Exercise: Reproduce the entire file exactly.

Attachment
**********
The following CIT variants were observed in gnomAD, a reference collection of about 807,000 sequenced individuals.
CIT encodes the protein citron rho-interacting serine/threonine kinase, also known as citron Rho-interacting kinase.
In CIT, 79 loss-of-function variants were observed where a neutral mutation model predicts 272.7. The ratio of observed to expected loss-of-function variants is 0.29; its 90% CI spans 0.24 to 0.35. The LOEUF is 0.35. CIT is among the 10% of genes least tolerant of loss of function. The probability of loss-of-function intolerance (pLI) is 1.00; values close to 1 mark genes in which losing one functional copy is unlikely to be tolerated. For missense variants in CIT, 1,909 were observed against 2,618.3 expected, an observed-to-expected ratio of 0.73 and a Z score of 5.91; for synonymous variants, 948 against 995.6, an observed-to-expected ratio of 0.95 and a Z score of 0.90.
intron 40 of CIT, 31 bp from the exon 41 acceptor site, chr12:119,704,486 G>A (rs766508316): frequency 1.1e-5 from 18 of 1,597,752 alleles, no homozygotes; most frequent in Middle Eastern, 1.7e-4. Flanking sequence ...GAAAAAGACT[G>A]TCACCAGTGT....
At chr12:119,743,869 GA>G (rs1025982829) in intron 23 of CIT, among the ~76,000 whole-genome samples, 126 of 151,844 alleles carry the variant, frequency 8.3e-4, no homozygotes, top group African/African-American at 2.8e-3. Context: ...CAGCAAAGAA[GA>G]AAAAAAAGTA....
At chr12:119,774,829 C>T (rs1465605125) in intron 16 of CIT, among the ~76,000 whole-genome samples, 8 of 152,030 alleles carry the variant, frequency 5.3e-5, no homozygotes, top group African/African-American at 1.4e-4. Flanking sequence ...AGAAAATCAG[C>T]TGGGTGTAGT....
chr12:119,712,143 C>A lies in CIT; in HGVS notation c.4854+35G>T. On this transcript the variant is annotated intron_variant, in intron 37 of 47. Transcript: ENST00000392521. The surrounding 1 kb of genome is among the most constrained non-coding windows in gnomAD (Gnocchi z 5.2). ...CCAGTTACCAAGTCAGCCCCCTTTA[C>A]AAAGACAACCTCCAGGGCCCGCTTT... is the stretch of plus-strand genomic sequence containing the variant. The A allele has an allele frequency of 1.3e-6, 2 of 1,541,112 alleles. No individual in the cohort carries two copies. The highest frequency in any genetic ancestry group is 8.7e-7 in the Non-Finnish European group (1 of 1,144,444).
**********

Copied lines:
The following CIT variants were observed in gnomAD, a reference collection of about 807,000 sequenced individuals.
CIT encodes the protein citron rho-interacting serine/threonine kinase, also known as citron Rho-interacting kinase.
In CIT, 79 loss-of-function variants were observed where a neutral mutation model predicts 272.7. The ratio of observed to expected loss-of-function variants is 0.29; its 90% CI spans 0.24 to 0.35. The LOEUF is 0.35. CIT is among the 10% of genes least tolerant of loss of function. The probability of loss-of-function intolerance (pLI) is 1.00; values close to 1 mark genes in which losing one functional copy is unlikely to be tolerated. For missense variants in CIT, 1,909 were observed against 2,618.3 expected, an observed-to-expected ratio of 0.73 and a Z score of 5.91; for synonymous variants, 948 against 995.6, an observed-to-expected ratio of 0.95 and a Z score of 0.90.
intron 40 of CIT, 31 bp from the exon 41 acceptor site, chr12:119,704,486 G>A (rs766508316): frequency 1.1e-5 from 18 of 1,597,752 alleles, no homozygotes; most frequent in Middle Eastern, 1.7e-4. Flanking sequence ...GAAAAAGACT[G>A]TCACCAGTGT....
At chr12:119,743,869 GA>G (rs1025982829) in intron 23 of CIT, among the ~76,000 whole-genome samples, 126 of 151,844 alleles carry the variant, frequency 8.3e-4, no homozygotes, top group African/African-American at 2.8e-3. Context: ...CAGCAAAGAA[GA>G]AAAAAAAGTA....
At chr12:119,774,829 C>T (rs1465605125) in intron 16 of CIT, among the ~76,000 whole-genome samples, 8 of 152,030 alleles carry the variant, frequency 5.3e-5, no homozygotes, top group African/African-American at 1.4e-4. Flanking sequence ...AGAAAATCAG[C>T]TGGGTGTAGT....
chr12:119,712,143 C>A lies in CIT; in HGVS notation c.4854+35G>T. On this transcript the variant is annotated intron_variant, in intron 37 of 47. Transcript: ENST00000392521. The surrounding 1 kb of genome is among the most constrained non-coding windows in gnomAD (Gnocchi z 5.2). ...CCAGTTACCAAGTCAGCCCCCTTTA[C>A]AAAGACAACCTCCAGGGCCCGCTTT... is the stretch of plus-strand genomic sequence containing the variant. The A allele has an allele frequency of 1.3e-6, 2 of 1,541,112 alleles. No individual in the cohort carries two copies. The highest frequency in any genetic ancestry group is 8.7e-7 in the Non-Finnish European group (1 of 1,144,444).